The epic quest Keith Byrne (10) and Noel Murray (13) embarked on in 1985 when they managed to travel incognito to New York via planes, trains and, er, ferries.
A metallic clang echoed down a bleak Darndale street. The clang of a fizzy-drink can being punted along by a young boy. His hair, fair and ruffled, he wore scuffed shoes and scruffy school shirt. The clang, as constant as a submarine acoustic, tracked his route home through one of Ireland’s poorest neighbourhoods. As he kicked the can along, a bag of potatoes swinging in his clenched fist, he passed the detritus of poverty; rubbish strewn everywhere, bare rows of council homes and burned out cars here and there. It was a Thursday evening in August, 1985. Keith Byrne’s humdrum existence belied an adventurous spirit that was about to take him away on an adventure the whole world would talk about.
He returned home from the shops to drop off the potatoes his ma had sent him to fetch. His errand complete, Keith headed out again with his mother calling after him to ‘not go far, dinner will be ready soon.’ ‘I won’t,’ he replied. Keith soon bumped into a bigger boy named Noel Murray. His hair was darker but equally roughly shorn so that it didn’t clash with his shabby dark jumper. This 13-year-old was no less intrepid than his younger companion and they formed a partnership pregnant with mischief. It now bore fruit and they set off.
They hopped on a ‘Dart’ – the nickname Dubliners gave their urban railway trains – to the capital’s port. Once there, the two scamps hitched a ride on a ferry to cross the Irish Sea to Holyhead in Wales. And there, British police nabbed the two and they were going no further, it seemed. They were placed on the return ferry and the Gardai (Irish police) were contacted to collect the boys on their return.
But Keith and Noel weren’t some fresh-faced cherubs, they were street-wise kids with plenty of tricks up their sleeves. The Darndale estate was a breeding-ground for crime and antisocial behaviour and Noel had warrants for shoplifting and other crimes. This wasn’t the first time they had gone AWOL either. They’d become adept at travelling the length and breadth of Éire as far as Donegal, Galway and even Kerry 180 miles (300km) away.
Keith and Noel gave the Gardai the slip. They reboarded the return ferry and set off once more to Wales.
Upon arrival, they followed the other passengers to the railway station and jumped on to a train heading to London. Now, their adventure was really beginning. Over Robert Stephenson’s tubular rail-bridge onto mainland Great Britain they trundled, with the Irish sea on their left and the Snowdonia Mountains on their right, they crossed into England and through the decrepit industrial heartlands of the Midlands. The boys joked and chatted in between snatches of sleep. Before the sun had risen, the train arrived in London’s Euston Station.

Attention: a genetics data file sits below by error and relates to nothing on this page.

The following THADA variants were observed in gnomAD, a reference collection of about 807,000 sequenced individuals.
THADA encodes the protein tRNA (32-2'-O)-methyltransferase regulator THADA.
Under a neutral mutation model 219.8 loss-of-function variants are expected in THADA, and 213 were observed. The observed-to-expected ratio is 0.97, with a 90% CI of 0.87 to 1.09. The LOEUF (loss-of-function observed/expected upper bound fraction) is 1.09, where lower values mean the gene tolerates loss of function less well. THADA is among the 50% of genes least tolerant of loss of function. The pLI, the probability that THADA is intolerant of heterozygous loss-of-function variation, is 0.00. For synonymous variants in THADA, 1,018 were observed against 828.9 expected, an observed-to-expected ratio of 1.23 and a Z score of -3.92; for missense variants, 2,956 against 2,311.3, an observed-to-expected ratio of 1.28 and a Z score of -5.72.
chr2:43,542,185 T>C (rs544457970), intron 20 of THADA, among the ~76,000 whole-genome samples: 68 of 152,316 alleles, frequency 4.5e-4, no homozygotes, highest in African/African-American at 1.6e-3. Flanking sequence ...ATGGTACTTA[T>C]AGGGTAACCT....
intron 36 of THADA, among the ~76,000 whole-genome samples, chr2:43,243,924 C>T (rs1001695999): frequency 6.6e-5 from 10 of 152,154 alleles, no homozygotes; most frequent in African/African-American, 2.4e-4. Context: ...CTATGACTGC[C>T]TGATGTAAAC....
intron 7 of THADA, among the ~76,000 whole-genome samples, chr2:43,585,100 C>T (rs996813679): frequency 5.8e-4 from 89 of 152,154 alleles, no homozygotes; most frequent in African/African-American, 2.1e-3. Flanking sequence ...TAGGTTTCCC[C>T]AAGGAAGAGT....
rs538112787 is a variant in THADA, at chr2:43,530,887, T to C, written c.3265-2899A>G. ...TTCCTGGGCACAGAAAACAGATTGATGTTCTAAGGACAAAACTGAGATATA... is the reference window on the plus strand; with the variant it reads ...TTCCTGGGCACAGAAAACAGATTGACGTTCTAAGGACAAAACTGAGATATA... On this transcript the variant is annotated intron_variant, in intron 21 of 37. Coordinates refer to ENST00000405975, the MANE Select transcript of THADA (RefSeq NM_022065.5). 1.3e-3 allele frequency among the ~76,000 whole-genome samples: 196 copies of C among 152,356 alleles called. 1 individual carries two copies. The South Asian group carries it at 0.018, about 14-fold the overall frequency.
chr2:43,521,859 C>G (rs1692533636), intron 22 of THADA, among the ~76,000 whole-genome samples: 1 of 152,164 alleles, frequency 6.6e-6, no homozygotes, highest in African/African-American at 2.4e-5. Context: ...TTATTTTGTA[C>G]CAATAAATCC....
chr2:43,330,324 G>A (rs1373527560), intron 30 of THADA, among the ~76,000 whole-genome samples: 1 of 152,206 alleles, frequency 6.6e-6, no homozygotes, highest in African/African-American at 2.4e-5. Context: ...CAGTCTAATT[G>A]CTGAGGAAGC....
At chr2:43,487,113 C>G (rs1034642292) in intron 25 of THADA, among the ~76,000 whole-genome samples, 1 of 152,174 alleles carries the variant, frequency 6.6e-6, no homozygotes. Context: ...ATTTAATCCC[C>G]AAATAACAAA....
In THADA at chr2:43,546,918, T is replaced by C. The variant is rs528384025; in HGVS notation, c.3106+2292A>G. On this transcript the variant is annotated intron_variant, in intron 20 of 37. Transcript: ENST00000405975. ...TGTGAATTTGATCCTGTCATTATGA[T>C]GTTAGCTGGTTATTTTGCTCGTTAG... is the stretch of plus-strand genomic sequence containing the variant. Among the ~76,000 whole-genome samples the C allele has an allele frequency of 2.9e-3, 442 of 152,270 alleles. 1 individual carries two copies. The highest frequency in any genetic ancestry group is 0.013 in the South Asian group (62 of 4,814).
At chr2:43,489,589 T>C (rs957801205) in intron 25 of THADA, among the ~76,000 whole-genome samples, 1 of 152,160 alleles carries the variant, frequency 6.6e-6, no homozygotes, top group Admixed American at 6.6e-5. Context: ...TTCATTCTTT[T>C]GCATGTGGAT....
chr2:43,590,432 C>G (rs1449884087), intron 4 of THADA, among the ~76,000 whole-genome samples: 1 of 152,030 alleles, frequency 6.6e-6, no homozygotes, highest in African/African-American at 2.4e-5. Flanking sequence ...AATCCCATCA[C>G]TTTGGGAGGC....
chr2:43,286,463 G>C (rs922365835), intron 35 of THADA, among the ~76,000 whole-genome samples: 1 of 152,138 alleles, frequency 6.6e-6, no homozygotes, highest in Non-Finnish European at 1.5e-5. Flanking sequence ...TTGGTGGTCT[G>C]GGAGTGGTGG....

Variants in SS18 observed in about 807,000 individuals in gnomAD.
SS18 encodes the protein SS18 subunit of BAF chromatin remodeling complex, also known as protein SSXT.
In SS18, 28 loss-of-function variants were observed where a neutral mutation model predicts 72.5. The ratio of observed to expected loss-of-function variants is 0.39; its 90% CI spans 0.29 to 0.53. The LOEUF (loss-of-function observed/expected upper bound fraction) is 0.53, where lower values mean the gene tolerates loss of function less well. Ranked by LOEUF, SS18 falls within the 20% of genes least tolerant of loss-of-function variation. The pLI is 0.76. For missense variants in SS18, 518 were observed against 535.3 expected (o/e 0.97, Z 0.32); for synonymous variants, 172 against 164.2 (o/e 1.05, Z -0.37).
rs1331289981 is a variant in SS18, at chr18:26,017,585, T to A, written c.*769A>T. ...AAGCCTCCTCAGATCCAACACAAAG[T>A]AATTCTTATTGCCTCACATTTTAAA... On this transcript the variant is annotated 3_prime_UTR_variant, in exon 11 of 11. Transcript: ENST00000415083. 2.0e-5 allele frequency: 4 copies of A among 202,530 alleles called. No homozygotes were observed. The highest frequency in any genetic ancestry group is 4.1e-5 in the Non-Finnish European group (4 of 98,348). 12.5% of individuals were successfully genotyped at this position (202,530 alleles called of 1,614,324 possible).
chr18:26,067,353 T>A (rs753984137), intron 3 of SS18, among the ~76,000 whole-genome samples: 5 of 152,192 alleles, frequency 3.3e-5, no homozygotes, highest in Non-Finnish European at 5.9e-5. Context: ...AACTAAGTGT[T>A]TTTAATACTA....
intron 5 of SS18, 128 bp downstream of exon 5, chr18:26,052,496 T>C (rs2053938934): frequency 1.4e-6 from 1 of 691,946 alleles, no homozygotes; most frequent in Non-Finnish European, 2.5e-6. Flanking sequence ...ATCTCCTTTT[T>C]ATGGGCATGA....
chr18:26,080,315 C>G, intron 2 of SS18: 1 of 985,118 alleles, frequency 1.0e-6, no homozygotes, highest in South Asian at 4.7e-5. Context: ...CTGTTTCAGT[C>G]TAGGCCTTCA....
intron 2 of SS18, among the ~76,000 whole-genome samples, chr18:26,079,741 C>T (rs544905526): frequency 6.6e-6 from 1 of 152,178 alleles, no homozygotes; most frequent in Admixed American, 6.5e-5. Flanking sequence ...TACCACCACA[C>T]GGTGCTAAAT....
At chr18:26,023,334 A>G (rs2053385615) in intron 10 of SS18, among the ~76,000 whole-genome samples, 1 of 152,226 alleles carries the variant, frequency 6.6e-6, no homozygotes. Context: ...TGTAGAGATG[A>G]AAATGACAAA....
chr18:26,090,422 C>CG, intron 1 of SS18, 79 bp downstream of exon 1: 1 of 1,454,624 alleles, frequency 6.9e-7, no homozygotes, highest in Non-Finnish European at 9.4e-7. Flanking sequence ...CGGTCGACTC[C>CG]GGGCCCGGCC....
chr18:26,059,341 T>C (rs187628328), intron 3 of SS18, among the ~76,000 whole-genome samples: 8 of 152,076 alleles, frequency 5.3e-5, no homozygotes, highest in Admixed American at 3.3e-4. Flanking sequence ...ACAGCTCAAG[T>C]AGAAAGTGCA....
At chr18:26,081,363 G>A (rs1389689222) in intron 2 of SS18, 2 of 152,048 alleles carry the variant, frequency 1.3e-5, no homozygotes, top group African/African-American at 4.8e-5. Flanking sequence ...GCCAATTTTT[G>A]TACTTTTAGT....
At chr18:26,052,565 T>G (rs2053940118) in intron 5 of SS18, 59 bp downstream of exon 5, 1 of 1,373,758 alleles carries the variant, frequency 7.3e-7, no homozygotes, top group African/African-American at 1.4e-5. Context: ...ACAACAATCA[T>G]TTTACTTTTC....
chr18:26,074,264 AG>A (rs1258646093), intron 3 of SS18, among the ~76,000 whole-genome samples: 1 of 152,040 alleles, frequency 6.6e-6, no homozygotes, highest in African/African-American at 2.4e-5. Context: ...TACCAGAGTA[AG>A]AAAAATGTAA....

The boys alighted, stretching and rubbing the sleepy dust out of their eyes. But their eyes sparkled, they were in London! Where next? A nervous excitement bubbled within. From here, the world was their oyster. Noel looked to his younger companion who was the ringleader of the two. Their bellies were rumbling so Keith sighted a self-service restaurant and headed over. They slyly helped themselves to some breakfast whilst the catering staff were too busy to notice them.
Bellies appeased, they saw that to continue their adventure, the turnstiles to the next train platform would be something even their sneaky powers couldn’t overcome. They needed money. But where were these streetwise urchins going to get money from? They scanned the concourse for an unlikely source of emergency funds – a water fountain. Keith and Noel scurried over and peered into its watery depths. Like most public water features this had coins dropped into it for good luck. Keith pulled up his sleeve and plunged his hand into the water and scraped up some shrapnel from its bottom whilst Noel kept his eyes peeled. There was a good bit of dosh down there, they noted, enough for two one way train tickets? They headed back over to the departures board with a sodden fistful of coins.
‘Heathrow’ registered. Why not catch a plane somewhere? Even the sky wasn’t the limit. They scampered off to the ticket office to pay their way, for once, to Heathrow 20 miles (32km) west. By the time morning had dawned, Keith and Noel were staring out in awe at the giant airliners taxiing to and fro’ on the vast airport tarmac. The story goes that the two then approached a random traveller to ask where he/she was headed and ‘New York’ was the answer. With that, they followed in tow to the departure gate of an Air India flight to the ‘Big Apple’.